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42. The answer is e. ( Bradley, pp 1358–1359.) This young woman with progressive behavioral disturbances, hallucinations, seizures, and obtundation probably has a herpes simplex type 1 encephalitis. The CSF with herpes simplex encephalitis often has some RBCs in addition to the primarily mononuclear increase in WBCs. The CSF protein is elevated, but the glucose content is relatively normal with this viral infection. As the CSF protein increases, the percentage that is gamma globulin generally increases. This is not an indication that the problem is an infection, but this increase in total protein and gamma globulin component does occur with infections. The opening pressure may be markedly elevated, but the fluid may remain clear or be only slightly cloudy if the white blood cell count does not increase substantially.

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Items 38–44 For each clinical scenario, choose the CSF pattern most likely to be found.

43. A 26-year-old man develops bed wetting and transient sexual dysfunction that resolves over the course of 6 weeks. One month later, he notices a pins-and-needles sensation in his right leg that never clears completely. On examination, he has hyperreflexia in both of his legs and pastpointing in his right arm. His gait is slightly ataxic, and he is unable to perform tandem gait. (SELECT 1 PATTERN)

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43. The answer is c. (Rowland, p 782.) This young man has signs and symptoms of multiple sclerosis that are largely referable to the spinal cord. Gait ataxia is an especially common presenting complaint. Impotence is troublesome and common. The CSF fluid picture is distinctive in its elevation of the gamma globulin content. Oligoclonal banding studies of the fluid would most likely be positive.

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Items 38–44 For each clinical scenario, choose the CSF pattern most likely to be found.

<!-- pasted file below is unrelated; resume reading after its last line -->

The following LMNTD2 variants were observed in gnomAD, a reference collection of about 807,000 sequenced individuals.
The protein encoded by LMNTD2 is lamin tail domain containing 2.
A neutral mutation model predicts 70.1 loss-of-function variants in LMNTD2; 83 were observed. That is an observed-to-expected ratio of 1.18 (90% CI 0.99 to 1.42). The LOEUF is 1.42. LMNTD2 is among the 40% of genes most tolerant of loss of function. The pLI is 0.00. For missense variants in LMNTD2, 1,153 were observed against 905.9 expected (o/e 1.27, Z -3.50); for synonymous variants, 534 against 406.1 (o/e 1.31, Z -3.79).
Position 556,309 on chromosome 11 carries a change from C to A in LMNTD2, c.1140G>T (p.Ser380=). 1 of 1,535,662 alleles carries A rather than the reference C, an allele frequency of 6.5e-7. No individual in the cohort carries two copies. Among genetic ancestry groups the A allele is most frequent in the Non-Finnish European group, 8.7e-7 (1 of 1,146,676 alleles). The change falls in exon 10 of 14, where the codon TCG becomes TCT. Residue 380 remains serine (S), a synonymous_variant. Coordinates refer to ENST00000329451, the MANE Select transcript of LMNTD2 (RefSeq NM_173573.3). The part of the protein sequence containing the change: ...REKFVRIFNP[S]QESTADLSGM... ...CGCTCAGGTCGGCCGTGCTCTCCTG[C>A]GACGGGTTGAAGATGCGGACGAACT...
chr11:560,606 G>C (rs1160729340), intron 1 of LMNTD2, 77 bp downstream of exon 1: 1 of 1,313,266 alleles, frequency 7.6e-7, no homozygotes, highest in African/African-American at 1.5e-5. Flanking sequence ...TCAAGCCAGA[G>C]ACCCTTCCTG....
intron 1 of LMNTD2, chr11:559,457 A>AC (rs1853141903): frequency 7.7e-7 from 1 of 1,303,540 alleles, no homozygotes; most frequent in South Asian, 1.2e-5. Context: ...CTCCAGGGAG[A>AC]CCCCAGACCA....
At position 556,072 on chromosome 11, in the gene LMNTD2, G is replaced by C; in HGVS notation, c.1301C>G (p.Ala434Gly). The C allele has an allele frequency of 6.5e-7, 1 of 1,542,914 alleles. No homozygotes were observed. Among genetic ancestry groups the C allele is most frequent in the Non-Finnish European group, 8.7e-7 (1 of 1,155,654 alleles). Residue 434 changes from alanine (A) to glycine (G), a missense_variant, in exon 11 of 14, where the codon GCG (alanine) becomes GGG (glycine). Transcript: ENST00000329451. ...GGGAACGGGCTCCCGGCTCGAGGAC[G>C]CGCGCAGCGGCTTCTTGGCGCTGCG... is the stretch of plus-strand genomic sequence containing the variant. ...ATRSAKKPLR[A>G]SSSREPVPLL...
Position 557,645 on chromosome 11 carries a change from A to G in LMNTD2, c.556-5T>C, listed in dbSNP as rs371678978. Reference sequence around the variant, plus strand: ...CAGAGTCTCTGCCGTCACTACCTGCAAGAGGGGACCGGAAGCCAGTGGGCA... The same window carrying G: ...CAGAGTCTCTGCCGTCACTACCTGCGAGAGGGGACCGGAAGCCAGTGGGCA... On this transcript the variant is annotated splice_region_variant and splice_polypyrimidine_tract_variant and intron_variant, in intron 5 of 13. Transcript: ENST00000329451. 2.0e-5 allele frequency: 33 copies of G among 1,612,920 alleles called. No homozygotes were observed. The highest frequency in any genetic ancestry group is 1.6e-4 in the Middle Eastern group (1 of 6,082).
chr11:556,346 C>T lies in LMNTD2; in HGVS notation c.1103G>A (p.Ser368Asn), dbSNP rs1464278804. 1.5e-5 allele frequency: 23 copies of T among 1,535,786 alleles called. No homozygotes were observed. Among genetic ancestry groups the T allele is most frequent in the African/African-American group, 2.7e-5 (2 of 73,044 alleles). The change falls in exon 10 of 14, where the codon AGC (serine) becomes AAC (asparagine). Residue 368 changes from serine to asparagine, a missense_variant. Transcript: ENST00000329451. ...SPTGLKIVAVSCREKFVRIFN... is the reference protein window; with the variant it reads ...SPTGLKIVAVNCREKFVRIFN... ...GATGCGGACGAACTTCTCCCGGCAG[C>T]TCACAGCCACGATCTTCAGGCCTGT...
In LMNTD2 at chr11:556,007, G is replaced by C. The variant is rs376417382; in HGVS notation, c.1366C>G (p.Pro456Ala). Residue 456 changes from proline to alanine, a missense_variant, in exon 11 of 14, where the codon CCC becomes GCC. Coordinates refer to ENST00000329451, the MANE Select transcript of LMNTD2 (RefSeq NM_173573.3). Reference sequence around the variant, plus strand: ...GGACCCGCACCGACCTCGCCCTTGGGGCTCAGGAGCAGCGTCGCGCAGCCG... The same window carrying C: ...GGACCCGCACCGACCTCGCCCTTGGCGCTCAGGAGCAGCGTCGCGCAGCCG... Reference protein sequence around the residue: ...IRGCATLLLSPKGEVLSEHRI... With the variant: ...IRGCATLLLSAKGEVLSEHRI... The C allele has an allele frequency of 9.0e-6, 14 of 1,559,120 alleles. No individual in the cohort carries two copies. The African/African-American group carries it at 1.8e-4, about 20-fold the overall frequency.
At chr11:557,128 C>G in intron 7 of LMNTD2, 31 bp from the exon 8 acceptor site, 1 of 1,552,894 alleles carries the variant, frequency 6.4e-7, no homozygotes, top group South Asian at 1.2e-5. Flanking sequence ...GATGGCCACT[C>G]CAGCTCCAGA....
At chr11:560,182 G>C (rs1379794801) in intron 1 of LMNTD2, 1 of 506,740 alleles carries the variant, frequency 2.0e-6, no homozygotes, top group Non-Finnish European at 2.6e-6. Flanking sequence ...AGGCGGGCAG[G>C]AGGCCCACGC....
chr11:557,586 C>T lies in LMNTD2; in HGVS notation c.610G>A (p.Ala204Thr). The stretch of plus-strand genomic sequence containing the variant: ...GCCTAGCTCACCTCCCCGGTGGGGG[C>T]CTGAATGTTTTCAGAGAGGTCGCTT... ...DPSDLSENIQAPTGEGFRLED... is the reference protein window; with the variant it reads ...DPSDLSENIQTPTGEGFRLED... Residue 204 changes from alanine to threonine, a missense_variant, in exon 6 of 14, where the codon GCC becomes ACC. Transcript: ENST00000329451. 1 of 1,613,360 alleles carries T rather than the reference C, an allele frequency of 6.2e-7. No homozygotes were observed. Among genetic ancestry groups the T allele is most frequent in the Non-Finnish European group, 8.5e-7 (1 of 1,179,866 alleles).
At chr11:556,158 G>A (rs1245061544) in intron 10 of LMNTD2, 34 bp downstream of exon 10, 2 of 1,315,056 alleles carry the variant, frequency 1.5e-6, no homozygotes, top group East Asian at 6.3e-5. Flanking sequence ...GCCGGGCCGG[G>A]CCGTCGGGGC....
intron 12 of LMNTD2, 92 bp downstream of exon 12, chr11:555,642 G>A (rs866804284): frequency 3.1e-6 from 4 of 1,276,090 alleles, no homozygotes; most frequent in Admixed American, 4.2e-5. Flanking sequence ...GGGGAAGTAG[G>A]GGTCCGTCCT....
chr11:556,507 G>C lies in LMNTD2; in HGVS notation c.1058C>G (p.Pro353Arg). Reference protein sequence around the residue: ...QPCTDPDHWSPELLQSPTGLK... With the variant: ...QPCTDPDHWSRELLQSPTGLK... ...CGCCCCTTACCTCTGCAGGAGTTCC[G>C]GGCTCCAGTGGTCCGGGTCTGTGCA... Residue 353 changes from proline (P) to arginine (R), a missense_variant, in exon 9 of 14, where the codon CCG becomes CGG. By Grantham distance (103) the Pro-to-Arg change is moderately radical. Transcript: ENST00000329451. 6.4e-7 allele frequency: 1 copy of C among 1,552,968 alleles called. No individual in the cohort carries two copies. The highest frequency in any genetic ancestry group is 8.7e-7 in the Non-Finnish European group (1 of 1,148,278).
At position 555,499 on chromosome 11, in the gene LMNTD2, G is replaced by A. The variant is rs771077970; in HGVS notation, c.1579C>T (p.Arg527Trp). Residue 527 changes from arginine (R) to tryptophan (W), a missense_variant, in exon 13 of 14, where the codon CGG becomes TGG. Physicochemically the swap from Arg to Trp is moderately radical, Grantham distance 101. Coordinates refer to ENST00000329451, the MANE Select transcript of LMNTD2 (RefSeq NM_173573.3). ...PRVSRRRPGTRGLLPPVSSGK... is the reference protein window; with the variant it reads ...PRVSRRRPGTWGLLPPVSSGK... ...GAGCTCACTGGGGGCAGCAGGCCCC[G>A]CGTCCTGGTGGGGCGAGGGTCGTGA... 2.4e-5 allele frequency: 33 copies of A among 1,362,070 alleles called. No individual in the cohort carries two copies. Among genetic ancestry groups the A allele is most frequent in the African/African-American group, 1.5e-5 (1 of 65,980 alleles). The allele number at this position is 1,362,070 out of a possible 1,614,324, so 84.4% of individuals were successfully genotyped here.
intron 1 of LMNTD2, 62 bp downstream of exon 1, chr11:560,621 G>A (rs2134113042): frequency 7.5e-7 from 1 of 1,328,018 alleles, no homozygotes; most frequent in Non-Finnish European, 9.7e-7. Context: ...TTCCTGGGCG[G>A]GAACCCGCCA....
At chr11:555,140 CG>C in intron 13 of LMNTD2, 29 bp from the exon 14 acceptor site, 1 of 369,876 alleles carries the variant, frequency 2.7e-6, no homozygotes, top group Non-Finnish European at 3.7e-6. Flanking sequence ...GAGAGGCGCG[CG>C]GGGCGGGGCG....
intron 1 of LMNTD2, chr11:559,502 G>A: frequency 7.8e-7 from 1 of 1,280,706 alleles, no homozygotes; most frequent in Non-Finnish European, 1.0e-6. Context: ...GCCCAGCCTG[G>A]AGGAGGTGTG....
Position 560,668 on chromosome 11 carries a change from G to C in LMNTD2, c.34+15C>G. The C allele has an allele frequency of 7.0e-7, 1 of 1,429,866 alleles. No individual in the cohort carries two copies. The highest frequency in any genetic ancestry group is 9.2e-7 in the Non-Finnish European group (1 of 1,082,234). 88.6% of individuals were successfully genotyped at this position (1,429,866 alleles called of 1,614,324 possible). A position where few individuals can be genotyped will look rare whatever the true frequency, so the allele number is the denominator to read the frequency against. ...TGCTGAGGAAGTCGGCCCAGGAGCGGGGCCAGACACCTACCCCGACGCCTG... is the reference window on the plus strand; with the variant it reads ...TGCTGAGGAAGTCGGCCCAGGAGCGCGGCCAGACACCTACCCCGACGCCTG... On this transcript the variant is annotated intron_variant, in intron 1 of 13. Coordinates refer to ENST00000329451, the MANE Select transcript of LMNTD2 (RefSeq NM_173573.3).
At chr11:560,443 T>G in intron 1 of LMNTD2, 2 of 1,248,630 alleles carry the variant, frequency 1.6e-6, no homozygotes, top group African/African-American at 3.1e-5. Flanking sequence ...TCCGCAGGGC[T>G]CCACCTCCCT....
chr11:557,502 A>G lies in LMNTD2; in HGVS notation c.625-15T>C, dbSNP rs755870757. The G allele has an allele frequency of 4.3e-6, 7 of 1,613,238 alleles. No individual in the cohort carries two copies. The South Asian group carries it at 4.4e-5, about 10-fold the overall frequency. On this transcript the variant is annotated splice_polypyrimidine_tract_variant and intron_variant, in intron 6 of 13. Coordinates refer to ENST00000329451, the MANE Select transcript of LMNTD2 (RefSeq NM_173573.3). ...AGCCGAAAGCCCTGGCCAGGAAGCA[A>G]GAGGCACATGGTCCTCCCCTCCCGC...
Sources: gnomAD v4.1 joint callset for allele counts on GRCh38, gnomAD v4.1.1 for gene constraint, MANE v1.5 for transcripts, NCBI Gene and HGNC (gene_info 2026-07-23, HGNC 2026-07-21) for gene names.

44. A 26-year-old woman weighing in excess of 300 lb complains of headache and blurred vision that began 2 weeks prior to consulting a physician. She has no vomiting or diplopia. Examination of her eyes reveals florid papilledema but without hemorrhages. Her neurologic examination is otherwise entirely normal. She had a similar problem while pregnant with her fourth child. (SELECT 1 PATTERN)

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44. The answer is a. ( Bradley, pp 1552–1553.) This woman with headaches, papilledema, and slightly blurred vision probably has pseudotumor cerebri. This idiopathic increase in intracranial pressure usually occurs in obese young women, during pregnancy, or with hypervitaminosis. The extraordinarily high CSF opening pressure associated with pseudotumor cerebri does not produce herniation of the brain, and performing a spinal tap does not place the patient at increased risk for transforaminal herniation. The CSF glucose content, protein content, cell count, and gamma globulin studies in persons with pseudotumor cerebri should all be unremarkable.

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Items 38–44 For each clinical scenario, choose the CSF pattern most likely to be found. 44. A 26-year-old woman weighing in excess of 300 lb complains of headache and blurred vision that began 2 weeks prior to consulting a physician. She has no vomiting or diplopia. Examination of her eyes reveals florid papilledema but without hemorrhages. Her neurologic examination is otherwise entirely normal. She had a similar problem while pregnant with her fourth child. (SELECT 1 PATTERN)